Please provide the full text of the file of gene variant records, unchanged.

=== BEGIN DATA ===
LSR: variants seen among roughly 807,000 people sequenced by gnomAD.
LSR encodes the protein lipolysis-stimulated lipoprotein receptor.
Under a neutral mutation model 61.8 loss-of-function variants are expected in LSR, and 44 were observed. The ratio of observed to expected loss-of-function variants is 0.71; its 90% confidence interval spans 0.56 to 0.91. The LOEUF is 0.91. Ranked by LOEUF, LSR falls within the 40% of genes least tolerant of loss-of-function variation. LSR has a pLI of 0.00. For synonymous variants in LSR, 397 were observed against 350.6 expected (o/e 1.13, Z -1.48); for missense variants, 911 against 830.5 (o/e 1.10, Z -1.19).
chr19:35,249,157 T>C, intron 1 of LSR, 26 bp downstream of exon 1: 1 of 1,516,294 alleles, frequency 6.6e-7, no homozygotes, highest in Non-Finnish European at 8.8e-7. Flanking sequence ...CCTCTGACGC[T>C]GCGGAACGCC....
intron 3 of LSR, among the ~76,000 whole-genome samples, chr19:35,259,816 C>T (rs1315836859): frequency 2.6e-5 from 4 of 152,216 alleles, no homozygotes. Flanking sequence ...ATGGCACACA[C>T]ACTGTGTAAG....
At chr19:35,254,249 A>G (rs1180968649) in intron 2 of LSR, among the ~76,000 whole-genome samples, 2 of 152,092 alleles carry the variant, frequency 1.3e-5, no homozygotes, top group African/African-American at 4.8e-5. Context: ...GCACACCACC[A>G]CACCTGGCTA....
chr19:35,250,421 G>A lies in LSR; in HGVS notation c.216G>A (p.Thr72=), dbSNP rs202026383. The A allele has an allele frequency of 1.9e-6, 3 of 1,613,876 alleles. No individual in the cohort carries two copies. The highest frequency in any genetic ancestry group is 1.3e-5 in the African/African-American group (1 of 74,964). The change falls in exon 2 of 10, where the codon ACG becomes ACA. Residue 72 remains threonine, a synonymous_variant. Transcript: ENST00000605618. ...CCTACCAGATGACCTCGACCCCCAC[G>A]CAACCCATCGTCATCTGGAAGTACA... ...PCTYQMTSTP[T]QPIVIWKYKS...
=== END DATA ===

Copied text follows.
LSR: variants seen among roughly 807,000 people sequenced by gnomAD.
LSR encodes the protein lipolysis-stimulated lipoprotein receptor.
Under a neutral mutation model 61.8 loss-of-function variants are expected in LSR, and 44 were observed. The ratio of observed to expected loss-of-function variants is 0.71; its 90% confidence interval spans 0.56 to 0.91. The LOEUF is 0.91. Ranked by LOEUF, LSR falls within the 40% of genes least tolerant of loss-of-function variation. LSR has a pLI of 0.00. For synonymous variants in LSR, 397 were observed against 350.6 expected (o/e 1.13, Z -1.48); for missense variants, 911 against 830.5 (o/e 1.10, Z -1.19).
chr19:35,249,157 T>C, intron 1 of LSR, 26 bp downstream of exon 1: 1 of 1,516,294 alleles, frequency 6.6e-7, no homozygotes, highest in Non-Finnish European at 8.8e-7. Flanking sequence ...CCTCTGACGC[T>C]GCGGAACGCC....
intron 3 of LSR, among the ~76,000 whole-genome samples, chr19:35,259,816 C>T (rs1315836859): frequency 2.6e-5 from 4 of 152,216 alleles, no homozygotes. Flanking sequence ...ATGGCACACA[C>T]ACTGTGTAAG....
At chr19:35,254,249 A>G (rs1180968649) in intron 2 of LSR, among the ~76,000 whole-genome samples, 2 of 152,092 alleles carry the variant, frequency 1.3e-5, no homozygotes, top group African/African-American at 4.8e-5. Context: ...GCACACCACC[A>G]CACCTGGCTA....
chr19:35,250,421 G>A lies in LSR; in HGVS notation c.216G>A (p.Thr72=), dbSNP rs202026383. The A allele has an allele frequency of 1.9e-6, 3 of 1,613,876 alleles. No individual in the cohort carries two copies. The highest frequency in any genetic ancestry group is 1.3e-5 in the African/African-American group (1 of 74,964). The change falls in exon 2 of 10, where the codon ACG becomes ACA. Residue 72 remains threonine, a synonymous_variant. Transcript: ENST00000605618. ...CCTACCAGATGACCTCGACCCCCAC[G>A]CAACCCATCGTCATCTGGAAGTACA... ...PCTYQMTSTP[T]QPIVIWKYKS...